Author(s): Brose MS, Volpe P, Feldman M, Kumar M, Rishi I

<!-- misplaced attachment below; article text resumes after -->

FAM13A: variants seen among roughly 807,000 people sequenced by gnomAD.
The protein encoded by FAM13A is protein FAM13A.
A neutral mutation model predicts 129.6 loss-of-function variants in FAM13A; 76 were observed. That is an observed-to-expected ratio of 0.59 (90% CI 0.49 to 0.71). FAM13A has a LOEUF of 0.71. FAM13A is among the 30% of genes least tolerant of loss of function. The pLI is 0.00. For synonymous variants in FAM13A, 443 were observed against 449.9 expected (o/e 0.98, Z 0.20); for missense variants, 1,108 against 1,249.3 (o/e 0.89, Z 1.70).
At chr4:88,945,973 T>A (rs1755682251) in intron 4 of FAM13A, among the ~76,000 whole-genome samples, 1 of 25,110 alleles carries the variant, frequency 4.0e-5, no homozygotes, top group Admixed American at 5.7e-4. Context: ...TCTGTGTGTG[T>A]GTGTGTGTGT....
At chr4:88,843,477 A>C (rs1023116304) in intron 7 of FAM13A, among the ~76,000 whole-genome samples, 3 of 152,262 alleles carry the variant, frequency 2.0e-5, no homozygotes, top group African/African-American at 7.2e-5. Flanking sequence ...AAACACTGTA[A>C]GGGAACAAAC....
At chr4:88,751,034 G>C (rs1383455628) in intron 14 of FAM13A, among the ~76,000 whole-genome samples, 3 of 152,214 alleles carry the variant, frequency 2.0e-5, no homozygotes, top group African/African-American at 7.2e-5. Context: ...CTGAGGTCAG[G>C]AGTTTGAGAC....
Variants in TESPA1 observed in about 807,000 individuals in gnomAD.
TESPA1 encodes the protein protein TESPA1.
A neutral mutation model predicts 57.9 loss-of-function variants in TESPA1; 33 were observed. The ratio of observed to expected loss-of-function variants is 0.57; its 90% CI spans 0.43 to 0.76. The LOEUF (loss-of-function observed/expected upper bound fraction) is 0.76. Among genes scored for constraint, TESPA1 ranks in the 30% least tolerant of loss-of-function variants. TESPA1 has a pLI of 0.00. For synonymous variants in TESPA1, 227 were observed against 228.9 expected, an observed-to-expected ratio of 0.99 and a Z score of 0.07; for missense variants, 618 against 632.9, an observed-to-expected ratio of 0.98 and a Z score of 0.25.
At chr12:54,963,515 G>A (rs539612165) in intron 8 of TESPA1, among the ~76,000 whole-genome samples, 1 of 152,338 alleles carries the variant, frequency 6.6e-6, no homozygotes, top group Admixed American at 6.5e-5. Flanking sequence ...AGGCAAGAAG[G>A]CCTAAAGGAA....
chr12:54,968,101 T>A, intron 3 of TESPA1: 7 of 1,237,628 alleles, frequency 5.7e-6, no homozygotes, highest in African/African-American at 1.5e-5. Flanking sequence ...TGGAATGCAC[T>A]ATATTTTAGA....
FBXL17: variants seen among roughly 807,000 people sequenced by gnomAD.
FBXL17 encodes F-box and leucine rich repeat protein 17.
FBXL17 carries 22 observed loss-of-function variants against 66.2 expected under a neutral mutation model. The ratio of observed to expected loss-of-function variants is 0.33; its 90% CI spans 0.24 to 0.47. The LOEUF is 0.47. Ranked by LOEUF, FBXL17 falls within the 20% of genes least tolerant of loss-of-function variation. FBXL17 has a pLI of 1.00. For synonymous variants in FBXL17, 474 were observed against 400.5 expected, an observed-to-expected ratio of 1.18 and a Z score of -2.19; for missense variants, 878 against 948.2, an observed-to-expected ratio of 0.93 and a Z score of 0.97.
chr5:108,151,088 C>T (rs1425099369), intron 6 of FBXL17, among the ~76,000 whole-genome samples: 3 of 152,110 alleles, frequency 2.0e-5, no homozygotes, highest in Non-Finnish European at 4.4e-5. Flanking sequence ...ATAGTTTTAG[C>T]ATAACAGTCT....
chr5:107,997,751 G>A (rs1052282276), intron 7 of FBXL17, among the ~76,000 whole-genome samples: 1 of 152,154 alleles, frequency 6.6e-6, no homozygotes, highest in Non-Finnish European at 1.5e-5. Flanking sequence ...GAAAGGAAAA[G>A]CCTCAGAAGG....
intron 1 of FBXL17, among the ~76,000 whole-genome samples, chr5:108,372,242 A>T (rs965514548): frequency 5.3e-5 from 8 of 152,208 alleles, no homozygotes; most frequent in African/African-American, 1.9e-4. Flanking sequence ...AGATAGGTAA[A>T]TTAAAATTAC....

BRAF encodes a RAS-regulated kinase that mediates cell growth and malignant transformation kinase pathway activation. Recently, we have identified activating BRAF mutations in 66% of melanomas and a smaller percentage of many other human cancers. To determine whether BRAF mutations account for the MAP kinase pathway activation common in non-small cell lung carcinomas (NSCLCs) and to extend the initial findings in melanoma, we screened DNA from 179 NSCLCs and 35 melanomas for BRAF mutations (exons 11 and 15). We identified BRAF mutations in 5 NSCLCs (3%; one V599 and four non-V599) and 22 melanomas (63%; 21 V599 and 1 non-V599). Three BRAF mutations identified in this study are novel, altering residues important in AKT-mediated BRAF phosphorylation and suggesting that disruption of AKT-induced BRAF inhibition can play a role in malignant transformation. To our knowledge, this is the first report of mutations documenting this interaction in human cancers. Although >90% of BRAF mutations in melanoma involve codon 599 (57 of 60), 8 of 9 BRAF mutations reported to date in NSCLC are non-V599 (89%; P < 10(-7)), strongly suggesting that BRAF mutations in NSCLC are qualitatively different from those in melanoma; thus, there may be therapeutic differences between lung cancer and melanoma in response to RAF inhibitors. Although uncommon, BRAF mutations in human lung cancers may identify a subset of tumors sensitive to targeted therapy.